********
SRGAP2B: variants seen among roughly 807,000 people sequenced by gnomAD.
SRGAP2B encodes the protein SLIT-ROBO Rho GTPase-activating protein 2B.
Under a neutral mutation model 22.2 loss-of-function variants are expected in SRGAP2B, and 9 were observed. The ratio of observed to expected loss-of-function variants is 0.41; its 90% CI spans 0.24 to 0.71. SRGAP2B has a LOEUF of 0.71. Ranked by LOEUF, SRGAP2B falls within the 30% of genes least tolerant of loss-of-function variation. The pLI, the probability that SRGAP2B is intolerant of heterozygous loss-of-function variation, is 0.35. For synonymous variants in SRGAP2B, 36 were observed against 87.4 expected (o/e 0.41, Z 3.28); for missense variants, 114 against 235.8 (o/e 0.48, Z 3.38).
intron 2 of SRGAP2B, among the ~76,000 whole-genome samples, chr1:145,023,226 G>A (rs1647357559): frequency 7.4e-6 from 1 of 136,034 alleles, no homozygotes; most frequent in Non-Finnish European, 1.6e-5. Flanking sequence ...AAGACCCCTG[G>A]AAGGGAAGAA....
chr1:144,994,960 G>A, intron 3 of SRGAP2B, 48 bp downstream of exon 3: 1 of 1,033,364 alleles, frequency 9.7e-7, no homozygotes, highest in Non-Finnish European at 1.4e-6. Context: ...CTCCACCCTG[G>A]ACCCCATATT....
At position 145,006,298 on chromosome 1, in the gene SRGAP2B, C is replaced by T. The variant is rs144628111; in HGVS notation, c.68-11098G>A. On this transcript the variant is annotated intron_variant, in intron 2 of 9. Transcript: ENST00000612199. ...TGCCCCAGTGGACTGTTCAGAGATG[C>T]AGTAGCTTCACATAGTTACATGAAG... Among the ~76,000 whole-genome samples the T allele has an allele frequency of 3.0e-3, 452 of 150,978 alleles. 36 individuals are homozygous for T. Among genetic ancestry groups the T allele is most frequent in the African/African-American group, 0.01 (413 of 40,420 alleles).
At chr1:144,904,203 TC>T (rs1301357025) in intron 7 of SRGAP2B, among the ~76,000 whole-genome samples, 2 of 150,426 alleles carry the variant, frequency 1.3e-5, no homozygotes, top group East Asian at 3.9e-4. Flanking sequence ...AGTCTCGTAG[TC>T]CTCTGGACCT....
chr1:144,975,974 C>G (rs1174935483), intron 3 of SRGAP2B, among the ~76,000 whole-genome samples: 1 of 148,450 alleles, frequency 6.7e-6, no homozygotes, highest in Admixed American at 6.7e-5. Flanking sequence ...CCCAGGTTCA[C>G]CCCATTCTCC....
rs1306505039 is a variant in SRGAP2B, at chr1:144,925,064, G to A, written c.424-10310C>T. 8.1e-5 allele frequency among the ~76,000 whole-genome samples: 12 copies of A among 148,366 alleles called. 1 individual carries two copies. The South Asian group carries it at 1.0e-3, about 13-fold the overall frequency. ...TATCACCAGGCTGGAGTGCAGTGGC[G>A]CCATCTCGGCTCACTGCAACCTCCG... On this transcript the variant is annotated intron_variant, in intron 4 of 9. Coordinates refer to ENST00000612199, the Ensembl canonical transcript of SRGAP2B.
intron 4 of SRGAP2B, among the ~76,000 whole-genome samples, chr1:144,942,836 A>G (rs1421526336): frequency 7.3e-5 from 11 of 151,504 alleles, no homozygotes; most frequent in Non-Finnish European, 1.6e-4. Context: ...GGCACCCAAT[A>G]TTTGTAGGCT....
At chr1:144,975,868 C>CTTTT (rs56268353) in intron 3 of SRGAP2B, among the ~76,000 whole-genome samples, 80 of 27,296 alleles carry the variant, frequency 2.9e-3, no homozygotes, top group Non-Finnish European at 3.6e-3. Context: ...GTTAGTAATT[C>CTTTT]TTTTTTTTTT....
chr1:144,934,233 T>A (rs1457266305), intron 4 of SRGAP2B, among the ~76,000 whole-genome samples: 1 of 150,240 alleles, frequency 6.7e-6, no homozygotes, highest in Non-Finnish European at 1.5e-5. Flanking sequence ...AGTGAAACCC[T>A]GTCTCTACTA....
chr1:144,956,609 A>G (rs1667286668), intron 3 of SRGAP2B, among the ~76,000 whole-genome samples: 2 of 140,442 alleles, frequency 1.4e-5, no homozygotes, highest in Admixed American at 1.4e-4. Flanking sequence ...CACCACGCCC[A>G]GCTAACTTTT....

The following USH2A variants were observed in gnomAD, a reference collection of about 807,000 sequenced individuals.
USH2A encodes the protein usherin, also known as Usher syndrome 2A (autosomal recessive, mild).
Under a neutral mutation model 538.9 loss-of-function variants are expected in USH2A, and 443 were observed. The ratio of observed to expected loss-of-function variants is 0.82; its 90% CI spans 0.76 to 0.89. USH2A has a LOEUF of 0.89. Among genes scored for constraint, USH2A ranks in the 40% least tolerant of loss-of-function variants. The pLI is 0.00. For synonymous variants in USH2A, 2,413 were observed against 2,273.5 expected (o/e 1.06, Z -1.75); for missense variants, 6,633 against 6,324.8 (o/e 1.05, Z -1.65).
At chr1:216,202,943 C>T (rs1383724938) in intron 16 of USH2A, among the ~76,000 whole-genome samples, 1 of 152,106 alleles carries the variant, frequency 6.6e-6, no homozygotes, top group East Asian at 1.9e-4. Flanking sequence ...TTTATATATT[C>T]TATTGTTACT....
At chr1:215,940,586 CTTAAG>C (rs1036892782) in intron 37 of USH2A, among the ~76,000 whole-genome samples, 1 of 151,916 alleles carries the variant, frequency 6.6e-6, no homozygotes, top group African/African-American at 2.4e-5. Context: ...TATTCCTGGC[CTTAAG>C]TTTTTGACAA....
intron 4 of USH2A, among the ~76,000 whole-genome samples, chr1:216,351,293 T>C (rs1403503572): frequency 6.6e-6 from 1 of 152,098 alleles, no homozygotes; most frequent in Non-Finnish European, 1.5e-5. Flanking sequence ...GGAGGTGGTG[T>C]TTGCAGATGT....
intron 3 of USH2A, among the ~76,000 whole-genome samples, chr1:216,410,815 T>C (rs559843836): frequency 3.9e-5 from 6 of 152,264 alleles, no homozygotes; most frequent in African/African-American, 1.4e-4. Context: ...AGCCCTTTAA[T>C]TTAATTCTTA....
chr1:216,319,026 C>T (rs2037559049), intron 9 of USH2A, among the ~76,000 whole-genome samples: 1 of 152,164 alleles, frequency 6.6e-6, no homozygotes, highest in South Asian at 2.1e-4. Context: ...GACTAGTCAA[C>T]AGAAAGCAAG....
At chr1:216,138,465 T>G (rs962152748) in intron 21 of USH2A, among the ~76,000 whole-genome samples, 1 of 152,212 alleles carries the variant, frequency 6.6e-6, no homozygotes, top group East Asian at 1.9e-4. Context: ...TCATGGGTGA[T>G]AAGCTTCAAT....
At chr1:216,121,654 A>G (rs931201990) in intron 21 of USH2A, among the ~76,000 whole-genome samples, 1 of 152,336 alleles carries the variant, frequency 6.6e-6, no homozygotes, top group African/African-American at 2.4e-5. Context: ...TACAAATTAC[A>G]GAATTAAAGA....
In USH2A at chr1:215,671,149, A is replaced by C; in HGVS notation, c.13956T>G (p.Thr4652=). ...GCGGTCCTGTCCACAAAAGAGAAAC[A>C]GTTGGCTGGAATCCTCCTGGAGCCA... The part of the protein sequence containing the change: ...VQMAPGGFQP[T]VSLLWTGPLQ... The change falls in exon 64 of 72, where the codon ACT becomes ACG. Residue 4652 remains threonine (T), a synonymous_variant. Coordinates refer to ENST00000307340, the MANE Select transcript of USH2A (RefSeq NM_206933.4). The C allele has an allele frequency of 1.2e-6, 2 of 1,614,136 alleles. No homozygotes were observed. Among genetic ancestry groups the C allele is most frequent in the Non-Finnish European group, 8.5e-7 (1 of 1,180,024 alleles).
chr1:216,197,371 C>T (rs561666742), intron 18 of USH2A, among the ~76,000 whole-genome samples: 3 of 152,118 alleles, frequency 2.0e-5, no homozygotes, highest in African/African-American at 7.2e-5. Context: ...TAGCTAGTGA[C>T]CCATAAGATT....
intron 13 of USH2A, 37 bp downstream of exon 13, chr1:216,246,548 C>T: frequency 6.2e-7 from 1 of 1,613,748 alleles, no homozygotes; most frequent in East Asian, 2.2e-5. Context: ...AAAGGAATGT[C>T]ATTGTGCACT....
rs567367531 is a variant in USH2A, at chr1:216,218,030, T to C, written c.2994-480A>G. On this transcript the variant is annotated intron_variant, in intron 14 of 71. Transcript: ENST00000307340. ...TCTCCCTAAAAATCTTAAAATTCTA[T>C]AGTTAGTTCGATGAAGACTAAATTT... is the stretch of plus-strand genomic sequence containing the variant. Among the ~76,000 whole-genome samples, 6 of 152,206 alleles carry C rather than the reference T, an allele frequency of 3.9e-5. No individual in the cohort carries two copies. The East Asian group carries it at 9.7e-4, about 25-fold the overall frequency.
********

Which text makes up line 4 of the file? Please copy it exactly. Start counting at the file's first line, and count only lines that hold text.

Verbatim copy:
intron 2 of SRGAP2B, among the ~76,000 whole-genome samples, chr1:145,023,226 G>A (rs1647357559): frequency 7.4e-6 from 1 of 136,034 alleles, no homozygotes; most frequent in Non-Finnish European, 1.6e-5. Flanking sequence ...AAGACCCCTG[G>A]AAGGGAAGAA....